Iâ€™m having trouble convincing myself that staying involved in big science projects is a tenable arrangement for me. Big science drives a lot of SIâ€™s money, and Iâ€™m starting to feel a bit like a puppet. Sure, I think big science is interesting and valuable. Who doesnâ€™t want an anthrax vaccine or concrete that bends? I just donâ€™t want to spend all my intellectual time and energy watching people make those vaccines or bend that concrete. Iâ€™m tempted, again, to leave big science collaboration studies to someone who cares more about technology. After spending a couple days at an NSF symposium ostensibly about cyber-enabled discovery and innovation, I am even more convinced that NSF and its CISE program are not the place for me to make my splash. Sure, NSF money is nice in that itâ€™s often big and makes work possible. But do I want to do that work? I donâ€™t think so. This symposium has served very effectively to convince me, at least for now, that my summer enthusiasm about using these big science collaborations as cases for a general study of collaboration was foolish. Right now, there are equations being projected. Equations. I came to Troy, NY to wave the sociotechnical banner and learn about physics, apparently. I think Iâ€™d rather dump the banner and put my â€œsocialâ€ t-shirt back on.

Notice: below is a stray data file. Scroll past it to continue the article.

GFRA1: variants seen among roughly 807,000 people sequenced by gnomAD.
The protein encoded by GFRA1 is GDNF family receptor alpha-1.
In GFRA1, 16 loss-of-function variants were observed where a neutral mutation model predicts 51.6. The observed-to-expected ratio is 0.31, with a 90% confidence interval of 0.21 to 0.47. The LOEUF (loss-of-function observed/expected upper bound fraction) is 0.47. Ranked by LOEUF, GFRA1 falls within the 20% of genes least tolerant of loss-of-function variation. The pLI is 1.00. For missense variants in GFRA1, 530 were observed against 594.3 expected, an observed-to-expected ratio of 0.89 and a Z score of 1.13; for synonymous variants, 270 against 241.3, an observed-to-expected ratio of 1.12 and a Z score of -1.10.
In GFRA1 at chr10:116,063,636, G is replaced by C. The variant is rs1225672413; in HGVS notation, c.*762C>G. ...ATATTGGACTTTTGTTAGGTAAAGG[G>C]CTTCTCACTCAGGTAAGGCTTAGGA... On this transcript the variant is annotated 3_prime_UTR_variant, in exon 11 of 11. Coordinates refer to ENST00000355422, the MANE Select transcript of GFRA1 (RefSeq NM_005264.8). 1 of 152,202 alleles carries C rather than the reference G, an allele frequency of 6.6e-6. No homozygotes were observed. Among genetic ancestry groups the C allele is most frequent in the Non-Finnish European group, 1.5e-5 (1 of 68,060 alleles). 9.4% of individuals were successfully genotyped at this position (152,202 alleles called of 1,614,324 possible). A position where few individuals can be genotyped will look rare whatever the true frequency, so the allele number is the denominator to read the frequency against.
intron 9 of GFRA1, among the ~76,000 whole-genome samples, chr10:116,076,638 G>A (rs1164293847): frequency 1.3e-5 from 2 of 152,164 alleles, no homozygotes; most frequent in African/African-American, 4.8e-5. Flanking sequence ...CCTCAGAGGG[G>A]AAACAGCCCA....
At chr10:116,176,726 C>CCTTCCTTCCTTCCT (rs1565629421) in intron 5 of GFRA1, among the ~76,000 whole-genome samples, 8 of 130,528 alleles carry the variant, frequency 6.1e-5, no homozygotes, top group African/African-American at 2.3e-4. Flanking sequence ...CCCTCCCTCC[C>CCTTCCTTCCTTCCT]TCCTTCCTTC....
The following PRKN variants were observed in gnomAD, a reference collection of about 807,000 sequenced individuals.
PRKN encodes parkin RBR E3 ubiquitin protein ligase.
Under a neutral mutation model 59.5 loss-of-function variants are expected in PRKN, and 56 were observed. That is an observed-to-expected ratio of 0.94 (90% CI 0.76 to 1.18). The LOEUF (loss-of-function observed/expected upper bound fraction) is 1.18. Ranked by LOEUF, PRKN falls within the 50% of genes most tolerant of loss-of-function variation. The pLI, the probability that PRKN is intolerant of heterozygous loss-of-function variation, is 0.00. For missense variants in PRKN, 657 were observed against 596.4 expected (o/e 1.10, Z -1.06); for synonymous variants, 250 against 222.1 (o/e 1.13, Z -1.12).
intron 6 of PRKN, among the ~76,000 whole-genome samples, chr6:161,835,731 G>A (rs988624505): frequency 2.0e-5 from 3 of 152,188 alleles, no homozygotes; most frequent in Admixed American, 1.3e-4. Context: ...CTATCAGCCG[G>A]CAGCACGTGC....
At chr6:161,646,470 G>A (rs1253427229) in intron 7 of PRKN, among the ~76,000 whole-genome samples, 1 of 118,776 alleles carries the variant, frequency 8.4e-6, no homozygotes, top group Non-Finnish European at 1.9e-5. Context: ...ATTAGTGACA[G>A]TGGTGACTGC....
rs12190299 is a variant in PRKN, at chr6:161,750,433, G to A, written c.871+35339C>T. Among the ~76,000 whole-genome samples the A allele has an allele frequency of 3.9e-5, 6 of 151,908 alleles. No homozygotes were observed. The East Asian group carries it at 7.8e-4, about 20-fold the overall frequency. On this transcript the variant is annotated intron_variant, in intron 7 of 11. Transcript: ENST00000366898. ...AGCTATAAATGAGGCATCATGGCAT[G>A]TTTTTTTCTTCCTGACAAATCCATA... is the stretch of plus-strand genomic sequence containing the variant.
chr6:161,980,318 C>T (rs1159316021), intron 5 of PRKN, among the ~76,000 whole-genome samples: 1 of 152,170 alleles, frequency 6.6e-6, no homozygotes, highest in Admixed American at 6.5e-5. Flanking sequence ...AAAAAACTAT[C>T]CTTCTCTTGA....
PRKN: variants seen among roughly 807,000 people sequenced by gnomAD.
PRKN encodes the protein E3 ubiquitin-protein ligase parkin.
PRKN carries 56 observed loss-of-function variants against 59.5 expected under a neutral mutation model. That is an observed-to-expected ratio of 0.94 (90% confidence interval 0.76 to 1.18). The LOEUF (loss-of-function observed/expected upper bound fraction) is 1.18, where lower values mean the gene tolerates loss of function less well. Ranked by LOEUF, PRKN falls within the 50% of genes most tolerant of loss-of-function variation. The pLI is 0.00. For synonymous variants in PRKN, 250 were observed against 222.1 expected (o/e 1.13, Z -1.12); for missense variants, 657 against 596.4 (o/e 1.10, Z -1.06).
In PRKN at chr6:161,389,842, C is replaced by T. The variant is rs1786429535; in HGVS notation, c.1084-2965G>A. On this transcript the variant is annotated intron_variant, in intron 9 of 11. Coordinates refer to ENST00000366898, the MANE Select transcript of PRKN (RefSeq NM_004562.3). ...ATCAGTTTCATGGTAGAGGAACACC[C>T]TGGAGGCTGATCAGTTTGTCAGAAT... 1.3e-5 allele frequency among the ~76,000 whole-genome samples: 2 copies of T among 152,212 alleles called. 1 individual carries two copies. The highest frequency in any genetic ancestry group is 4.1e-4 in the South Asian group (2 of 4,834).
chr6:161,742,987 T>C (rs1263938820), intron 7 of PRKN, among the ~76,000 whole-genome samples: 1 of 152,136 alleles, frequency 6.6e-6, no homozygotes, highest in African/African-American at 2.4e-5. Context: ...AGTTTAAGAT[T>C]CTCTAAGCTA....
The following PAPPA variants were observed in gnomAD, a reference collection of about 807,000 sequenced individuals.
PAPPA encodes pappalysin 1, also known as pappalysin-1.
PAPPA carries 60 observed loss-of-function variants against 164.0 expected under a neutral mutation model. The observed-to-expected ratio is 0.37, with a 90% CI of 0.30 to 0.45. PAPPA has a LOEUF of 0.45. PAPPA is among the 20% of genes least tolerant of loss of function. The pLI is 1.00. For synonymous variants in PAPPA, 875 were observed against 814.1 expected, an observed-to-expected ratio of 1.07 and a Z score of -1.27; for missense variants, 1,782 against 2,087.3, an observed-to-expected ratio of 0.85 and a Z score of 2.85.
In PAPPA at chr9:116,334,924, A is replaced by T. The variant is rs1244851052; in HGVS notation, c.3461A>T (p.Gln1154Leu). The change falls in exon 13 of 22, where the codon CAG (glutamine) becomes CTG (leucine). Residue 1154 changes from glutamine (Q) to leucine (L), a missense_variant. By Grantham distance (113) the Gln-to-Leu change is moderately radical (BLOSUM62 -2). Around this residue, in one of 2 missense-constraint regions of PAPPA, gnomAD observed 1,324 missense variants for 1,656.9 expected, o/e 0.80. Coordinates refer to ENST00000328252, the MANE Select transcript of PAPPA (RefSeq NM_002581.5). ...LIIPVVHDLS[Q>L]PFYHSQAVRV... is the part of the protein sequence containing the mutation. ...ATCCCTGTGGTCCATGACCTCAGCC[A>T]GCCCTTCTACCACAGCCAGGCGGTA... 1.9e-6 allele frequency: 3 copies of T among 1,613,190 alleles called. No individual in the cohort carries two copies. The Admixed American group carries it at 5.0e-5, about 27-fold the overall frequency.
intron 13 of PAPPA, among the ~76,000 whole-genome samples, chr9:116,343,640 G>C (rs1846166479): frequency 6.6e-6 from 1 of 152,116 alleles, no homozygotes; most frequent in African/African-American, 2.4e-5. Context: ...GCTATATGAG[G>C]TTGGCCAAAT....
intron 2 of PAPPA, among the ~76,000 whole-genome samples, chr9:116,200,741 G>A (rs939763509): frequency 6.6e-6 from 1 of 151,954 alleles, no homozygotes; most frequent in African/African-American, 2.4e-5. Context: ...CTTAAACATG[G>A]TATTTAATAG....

So now I’m done presenting, and I feel a little better. Perhaps some of my earlier crankiness was due to my stress over having not finished my presentation to include said crankiness. In the end, I got to wave the sociotechnical banner and ask for funding to support social science enabled by computation. Not bad for a day’s work.
Before I hit “Publish,” let me mention one more battle raging at this symposium. Gender. I was the second woman to present in as many days. We’ve seen a new presentation about every 20 minutes. This is not only shocking and accurate, it’s unacceptable.